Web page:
A marble rolls down a ramp, and children cheer as it reaches the target they have adjusted numerous times. After a small-group reading of “Fill a Bucket” by Carol McCloud and Katherine Martin, children gather in a community of inquiry to discuss the nature of filling each other’s buckets by being selfless and helpful to others. In an adjacent area, two children complete their construction of Lego ships and cargo holds for the ships. They begin classifying gems into different compartments, sorting them by size and colour. A child grows and preserves flowers using the concepts of photosynthesis by our window ledge. These are some of the activities that are continuously occurring in a project- and play-based environment of our room,where children are exploring the concepts of living and non-living things. These and other early learning experiences that support inquiry and creativity have significant long-term benefits. Thinking is an art form, similar to the actions of a visual artist perfecting his or her craft. We must focus on creative learning dispositions early, during the brain’s most active period of synaptic growth.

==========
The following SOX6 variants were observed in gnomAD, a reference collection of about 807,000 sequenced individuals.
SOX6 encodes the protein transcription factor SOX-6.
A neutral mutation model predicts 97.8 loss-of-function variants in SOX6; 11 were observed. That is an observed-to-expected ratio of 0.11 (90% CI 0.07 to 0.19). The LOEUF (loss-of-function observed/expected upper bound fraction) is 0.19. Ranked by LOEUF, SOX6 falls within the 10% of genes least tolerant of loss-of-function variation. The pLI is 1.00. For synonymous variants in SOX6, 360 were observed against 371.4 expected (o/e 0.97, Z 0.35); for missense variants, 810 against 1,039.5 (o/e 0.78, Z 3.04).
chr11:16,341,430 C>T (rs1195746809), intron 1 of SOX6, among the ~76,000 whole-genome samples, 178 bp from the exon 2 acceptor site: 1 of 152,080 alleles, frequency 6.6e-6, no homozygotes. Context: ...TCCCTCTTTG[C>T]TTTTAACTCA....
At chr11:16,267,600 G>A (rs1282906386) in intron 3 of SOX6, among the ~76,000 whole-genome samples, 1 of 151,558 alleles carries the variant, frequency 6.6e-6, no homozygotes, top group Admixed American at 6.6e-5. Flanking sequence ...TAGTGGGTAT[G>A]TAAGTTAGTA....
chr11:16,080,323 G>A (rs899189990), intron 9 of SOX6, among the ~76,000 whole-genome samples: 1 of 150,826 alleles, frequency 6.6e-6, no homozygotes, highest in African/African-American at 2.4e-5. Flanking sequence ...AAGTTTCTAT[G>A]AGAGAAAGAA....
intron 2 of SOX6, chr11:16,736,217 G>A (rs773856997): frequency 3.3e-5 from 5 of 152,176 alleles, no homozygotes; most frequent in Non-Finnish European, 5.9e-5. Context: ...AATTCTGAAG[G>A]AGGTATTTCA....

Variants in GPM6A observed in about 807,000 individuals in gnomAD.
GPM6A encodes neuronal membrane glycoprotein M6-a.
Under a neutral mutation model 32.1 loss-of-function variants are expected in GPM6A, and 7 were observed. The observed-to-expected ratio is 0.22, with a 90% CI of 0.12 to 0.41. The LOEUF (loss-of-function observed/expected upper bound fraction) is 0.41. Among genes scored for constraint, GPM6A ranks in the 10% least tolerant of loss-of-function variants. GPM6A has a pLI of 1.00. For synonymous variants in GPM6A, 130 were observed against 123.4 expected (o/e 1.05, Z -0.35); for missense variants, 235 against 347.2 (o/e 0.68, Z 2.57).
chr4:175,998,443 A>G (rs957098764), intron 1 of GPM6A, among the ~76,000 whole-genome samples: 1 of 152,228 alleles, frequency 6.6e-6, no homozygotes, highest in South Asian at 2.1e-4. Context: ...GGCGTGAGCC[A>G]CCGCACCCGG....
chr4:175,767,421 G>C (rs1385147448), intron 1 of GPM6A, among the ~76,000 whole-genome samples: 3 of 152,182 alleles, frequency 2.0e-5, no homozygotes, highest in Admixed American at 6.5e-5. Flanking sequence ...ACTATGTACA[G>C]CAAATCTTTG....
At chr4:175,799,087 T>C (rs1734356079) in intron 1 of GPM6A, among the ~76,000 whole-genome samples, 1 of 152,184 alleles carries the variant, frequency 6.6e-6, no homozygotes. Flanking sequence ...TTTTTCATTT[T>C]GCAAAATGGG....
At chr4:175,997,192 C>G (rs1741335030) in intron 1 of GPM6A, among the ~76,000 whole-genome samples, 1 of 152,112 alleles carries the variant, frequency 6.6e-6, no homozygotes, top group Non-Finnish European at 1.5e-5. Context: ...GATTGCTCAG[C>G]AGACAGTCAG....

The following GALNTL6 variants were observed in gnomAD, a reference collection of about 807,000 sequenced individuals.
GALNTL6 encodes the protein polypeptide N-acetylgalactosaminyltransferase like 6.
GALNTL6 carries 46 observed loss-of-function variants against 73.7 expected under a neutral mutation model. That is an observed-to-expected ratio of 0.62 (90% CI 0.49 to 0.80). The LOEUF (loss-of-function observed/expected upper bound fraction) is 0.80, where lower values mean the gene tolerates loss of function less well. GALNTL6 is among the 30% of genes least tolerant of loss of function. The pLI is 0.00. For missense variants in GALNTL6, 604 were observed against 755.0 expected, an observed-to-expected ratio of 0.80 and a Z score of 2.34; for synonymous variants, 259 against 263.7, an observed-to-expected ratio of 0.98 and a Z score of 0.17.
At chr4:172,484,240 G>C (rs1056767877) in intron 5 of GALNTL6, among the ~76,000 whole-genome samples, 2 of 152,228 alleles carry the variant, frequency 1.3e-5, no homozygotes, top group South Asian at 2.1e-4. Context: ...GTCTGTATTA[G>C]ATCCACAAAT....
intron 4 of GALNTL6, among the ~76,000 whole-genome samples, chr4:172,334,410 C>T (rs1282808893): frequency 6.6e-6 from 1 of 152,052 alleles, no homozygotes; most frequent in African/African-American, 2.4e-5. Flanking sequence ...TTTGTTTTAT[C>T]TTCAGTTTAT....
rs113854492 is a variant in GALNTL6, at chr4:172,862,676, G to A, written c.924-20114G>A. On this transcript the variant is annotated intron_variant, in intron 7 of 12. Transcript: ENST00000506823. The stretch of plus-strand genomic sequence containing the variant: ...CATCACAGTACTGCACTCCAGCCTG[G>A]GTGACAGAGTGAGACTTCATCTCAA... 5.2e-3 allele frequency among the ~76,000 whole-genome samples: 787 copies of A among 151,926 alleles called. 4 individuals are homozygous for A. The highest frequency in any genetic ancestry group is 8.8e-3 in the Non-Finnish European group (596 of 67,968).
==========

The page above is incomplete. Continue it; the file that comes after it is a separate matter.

There are numerous strategies that can be implemented throughout a child’s developmental journey, to support children’s long-term success with rigorous learning standards. The strategies range in complexity and cultural commitment. Therefore, I recommend starting small and building a culture of student-centered learning and flexibility, prior to full-scale implementation.